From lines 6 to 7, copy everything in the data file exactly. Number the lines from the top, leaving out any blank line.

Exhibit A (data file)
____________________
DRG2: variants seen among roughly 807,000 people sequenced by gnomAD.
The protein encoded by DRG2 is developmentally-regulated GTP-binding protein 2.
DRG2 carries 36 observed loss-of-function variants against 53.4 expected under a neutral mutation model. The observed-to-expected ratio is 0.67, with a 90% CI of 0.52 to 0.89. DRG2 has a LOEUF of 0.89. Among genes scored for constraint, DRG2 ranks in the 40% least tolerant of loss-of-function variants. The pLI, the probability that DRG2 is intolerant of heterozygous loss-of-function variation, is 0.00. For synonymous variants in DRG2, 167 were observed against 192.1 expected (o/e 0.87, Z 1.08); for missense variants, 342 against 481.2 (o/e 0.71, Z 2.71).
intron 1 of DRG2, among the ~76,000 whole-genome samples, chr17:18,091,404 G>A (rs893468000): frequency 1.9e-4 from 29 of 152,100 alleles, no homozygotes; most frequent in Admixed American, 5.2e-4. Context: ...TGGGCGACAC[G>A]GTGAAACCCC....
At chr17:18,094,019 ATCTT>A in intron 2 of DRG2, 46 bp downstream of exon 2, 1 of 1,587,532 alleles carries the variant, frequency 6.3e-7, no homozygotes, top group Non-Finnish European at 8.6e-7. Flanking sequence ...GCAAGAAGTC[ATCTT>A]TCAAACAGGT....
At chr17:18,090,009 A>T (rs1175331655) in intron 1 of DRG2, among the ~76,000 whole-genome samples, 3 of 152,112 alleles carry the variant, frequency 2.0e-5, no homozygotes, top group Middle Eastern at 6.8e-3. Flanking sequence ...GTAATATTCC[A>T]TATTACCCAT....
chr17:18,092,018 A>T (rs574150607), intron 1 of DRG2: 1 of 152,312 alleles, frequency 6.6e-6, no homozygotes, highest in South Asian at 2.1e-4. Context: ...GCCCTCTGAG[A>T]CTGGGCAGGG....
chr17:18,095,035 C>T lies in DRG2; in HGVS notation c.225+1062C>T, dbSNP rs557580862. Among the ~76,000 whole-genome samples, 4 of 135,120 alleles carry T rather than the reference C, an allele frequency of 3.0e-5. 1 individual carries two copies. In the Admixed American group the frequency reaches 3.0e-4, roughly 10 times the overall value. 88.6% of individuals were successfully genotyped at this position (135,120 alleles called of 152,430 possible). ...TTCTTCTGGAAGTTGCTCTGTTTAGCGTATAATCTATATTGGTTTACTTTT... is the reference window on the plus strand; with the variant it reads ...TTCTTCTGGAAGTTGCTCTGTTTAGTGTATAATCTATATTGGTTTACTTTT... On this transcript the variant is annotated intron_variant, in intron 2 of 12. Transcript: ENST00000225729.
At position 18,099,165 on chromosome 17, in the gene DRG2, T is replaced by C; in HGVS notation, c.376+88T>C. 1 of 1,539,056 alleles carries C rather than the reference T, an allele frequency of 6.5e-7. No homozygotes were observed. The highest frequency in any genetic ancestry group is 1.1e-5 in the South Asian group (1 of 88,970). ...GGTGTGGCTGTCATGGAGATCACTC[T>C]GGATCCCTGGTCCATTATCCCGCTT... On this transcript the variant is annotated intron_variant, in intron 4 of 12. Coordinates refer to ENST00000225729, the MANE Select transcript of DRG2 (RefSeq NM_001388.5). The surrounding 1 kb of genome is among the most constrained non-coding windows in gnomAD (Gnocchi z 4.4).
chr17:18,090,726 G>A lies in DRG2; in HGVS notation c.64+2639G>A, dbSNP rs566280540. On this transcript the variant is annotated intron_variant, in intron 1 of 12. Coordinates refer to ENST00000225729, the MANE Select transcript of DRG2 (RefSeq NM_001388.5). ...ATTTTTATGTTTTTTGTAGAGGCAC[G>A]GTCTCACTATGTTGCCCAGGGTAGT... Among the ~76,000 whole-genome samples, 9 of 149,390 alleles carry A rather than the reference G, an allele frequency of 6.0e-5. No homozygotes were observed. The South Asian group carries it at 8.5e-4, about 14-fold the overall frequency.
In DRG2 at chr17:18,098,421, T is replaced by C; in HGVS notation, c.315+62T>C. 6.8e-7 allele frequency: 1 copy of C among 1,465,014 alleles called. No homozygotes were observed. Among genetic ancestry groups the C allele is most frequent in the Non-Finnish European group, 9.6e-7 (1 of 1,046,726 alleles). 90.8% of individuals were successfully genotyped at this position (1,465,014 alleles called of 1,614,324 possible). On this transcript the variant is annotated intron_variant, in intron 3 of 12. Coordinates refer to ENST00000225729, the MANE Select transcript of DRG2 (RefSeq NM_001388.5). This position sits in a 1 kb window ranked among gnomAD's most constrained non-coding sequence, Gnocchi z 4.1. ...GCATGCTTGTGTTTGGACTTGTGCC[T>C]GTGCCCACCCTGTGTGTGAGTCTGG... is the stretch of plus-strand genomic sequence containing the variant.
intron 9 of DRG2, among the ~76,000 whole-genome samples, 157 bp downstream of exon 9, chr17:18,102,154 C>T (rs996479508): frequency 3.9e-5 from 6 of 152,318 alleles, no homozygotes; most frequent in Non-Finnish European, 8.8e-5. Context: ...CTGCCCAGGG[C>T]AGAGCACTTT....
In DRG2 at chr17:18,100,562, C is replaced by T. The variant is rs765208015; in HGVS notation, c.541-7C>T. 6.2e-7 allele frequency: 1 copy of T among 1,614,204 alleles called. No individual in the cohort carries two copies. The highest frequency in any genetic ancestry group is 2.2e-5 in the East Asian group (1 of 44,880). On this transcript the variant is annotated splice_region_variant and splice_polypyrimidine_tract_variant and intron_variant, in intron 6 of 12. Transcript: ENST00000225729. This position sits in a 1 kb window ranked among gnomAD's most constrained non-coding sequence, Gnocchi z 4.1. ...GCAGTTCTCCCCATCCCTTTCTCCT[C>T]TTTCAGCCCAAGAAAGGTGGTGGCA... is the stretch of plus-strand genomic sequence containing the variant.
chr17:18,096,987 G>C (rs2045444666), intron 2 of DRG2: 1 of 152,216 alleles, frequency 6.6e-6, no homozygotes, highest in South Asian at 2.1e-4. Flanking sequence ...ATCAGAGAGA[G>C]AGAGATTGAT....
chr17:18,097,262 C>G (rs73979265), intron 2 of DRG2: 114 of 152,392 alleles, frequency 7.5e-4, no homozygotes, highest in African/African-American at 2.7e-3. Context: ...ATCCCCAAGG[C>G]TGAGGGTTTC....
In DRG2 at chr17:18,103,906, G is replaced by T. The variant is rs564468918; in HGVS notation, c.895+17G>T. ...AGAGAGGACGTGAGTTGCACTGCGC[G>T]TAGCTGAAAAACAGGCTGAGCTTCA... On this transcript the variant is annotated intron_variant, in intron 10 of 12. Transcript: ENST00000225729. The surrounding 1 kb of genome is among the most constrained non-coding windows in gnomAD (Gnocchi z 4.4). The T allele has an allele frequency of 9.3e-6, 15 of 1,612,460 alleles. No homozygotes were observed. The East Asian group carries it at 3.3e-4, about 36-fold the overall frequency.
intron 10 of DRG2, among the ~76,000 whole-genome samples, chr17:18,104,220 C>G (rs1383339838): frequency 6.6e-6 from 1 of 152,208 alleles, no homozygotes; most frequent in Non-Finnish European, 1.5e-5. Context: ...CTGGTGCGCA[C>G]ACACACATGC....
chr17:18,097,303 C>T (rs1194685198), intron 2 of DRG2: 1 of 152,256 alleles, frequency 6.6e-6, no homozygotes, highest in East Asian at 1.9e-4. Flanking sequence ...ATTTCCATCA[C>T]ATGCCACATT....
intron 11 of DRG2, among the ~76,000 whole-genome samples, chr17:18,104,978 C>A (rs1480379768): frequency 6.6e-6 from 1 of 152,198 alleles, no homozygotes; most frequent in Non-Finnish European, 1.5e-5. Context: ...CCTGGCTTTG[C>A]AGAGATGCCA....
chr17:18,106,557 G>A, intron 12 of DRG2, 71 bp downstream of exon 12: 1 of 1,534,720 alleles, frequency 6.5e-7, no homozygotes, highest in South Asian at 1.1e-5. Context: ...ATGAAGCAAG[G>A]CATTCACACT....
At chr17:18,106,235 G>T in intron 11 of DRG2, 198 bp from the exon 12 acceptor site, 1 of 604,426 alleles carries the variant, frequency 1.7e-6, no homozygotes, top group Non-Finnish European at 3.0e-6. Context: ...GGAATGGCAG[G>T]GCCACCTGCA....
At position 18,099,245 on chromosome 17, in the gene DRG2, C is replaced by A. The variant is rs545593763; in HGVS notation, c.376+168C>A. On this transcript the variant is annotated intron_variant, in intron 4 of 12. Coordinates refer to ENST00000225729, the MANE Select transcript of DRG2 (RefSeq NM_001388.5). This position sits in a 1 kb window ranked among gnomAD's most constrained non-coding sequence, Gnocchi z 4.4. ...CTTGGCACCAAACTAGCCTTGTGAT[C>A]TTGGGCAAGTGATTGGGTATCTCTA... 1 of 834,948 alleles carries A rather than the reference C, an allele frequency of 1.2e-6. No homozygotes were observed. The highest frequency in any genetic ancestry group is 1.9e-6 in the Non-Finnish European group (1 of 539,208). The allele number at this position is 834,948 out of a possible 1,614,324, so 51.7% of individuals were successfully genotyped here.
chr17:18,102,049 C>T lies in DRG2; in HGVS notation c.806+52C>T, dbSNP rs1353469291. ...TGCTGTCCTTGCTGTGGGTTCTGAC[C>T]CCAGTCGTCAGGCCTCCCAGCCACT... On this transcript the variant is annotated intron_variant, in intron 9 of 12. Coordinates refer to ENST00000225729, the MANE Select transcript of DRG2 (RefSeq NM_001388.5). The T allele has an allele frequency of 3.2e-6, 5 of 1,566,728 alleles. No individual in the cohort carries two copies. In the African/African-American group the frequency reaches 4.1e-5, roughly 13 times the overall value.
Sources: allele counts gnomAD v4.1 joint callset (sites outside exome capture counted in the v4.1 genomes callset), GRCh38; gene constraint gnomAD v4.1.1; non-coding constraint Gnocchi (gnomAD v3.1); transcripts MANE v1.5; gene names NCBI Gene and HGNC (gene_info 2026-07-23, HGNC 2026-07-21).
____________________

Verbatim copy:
At chr17:18,090,009 A>T (rs1175331655) in intron 1 of DRG2, among the ~76,000 whole-genome samples, 3 of 152,112 alleles carry the variant, frequency 2.0e-5, no homozygotes, top group Middle Eastern at 6.8e-3. Flanking sequence ...GTAATATTCC[A>T]TATTACCCAT....
chr17:18,092,018 A>T (rs574150607), intron 1 of DRG2: 1 of 152,312 alleles, frequency 6.6e-6, no homozygotes, highest in South Asian at 2.1e-4. Context: ...GCCCTCTGAG[A>T]CTGGGCAGGG....